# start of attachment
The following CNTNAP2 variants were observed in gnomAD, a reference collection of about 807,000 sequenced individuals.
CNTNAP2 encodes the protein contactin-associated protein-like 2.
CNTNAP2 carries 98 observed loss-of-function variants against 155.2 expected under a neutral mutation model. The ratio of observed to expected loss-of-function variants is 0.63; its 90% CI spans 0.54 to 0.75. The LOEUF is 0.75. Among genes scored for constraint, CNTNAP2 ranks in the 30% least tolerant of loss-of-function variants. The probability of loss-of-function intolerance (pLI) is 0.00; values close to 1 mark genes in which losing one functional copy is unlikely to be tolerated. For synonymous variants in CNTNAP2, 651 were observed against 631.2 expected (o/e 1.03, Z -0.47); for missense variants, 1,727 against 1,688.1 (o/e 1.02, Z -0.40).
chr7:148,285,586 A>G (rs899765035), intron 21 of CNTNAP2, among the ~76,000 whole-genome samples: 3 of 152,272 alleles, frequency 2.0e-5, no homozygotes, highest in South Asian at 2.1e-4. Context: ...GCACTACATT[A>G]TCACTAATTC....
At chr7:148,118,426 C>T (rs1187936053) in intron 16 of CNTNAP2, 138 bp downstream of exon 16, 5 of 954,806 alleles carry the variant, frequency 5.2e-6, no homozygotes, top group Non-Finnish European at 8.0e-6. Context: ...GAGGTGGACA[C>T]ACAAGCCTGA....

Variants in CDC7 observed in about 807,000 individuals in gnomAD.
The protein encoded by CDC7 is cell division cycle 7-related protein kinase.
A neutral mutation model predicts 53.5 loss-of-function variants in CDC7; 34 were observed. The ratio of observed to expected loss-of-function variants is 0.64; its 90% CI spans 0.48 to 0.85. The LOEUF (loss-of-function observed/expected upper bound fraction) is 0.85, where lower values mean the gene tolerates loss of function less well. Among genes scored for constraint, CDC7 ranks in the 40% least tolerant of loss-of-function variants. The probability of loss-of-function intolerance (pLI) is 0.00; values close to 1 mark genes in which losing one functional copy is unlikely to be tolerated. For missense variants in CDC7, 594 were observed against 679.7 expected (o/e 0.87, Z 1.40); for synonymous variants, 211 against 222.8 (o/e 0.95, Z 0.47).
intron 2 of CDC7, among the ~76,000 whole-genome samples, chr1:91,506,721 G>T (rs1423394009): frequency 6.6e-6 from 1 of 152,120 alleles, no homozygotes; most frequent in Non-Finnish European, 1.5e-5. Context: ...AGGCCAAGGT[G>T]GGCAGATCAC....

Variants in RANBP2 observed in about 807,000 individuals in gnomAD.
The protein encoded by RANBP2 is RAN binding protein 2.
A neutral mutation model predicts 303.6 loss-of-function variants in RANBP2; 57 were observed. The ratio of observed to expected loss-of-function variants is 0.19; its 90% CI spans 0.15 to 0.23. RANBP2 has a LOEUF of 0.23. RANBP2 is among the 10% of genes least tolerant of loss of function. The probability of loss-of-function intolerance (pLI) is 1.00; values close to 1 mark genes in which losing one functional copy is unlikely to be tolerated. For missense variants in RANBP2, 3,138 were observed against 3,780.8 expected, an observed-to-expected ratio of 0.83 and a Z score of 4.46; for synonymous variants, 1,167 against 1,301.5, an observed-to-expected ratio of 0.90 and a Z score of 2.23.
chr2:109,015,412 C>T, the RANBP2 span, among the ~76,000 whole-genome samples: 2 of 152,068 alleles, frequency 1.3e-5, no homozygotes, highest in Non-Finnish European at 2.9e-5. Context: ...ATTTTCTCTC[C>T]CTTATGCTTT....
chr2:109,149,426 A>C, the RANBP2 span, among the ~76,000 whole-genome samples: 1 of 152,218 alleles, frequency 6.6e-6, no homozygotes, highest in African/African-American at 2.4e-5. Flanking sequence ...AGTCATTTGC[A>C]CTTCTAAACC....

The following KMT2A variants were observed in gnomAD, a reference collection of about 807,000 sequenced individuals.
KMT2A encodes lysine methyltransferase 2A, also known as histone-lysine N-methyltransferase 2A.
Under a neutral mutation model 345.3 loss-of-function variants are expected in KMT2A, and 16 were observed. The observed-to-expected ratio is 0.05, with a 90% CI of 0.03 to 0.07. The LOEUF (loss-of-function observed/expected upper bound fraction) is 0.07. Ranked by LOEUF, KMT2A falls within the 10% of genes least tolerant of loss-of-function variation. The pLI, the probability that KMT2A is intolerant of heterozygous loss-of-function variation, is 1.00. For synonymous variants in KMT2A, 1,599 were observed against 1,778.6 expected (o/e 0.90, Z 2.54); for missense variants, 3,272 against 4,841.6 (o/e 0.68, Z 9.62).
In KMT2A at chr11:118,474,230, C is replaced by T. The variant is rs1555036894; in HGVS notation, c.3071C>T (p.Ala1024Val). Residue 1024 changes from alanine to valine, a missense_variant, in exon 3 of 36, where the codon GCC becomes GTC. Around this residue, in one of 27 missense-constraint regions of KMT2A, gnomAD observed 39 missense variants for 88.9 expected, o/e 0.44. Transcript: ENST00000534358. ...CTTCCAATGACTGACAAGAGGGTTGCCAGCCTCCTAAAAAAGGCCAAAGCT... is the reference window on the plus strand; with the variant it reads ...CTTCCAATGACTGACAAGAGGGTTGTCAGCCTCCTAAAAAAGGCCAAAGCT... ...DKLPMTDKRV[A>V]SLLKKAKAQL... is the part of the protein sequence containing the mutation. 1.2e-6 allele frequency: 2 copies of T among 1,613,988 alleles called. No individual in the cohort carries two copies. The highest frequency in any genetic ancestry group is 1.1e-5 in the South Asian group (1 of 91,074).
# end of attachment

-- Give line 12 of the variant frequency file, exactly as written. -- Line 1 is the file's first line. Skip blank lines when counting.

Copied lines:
A neutral mutation model predicts 303.6 loss-of-function variants in RANBP2; 57 were observed. The ratio of observed to expected loss-of-function variants is 0.19; its 90% CI spans 0.15 to 0.23. RANBP2 has a LOEUF of 0.23. RANBP2 is among the 10% of genes least tolerant of loss of function. The probability of loss-of-function intolerance (pLI) is 1.00; values close to 1 mark genes in which losing one functional copy is unlikely to be tolerated. For missense variants in RANBP2, 3,138 were observed against 3,780.8 expected, an observed-to-expected ratio of 0.83 and a Z score of 4.46; for synonymous variants, 1,167 against 1,301.5, an observed-to-expected ratio of 0.90 and a Z score of 2.23.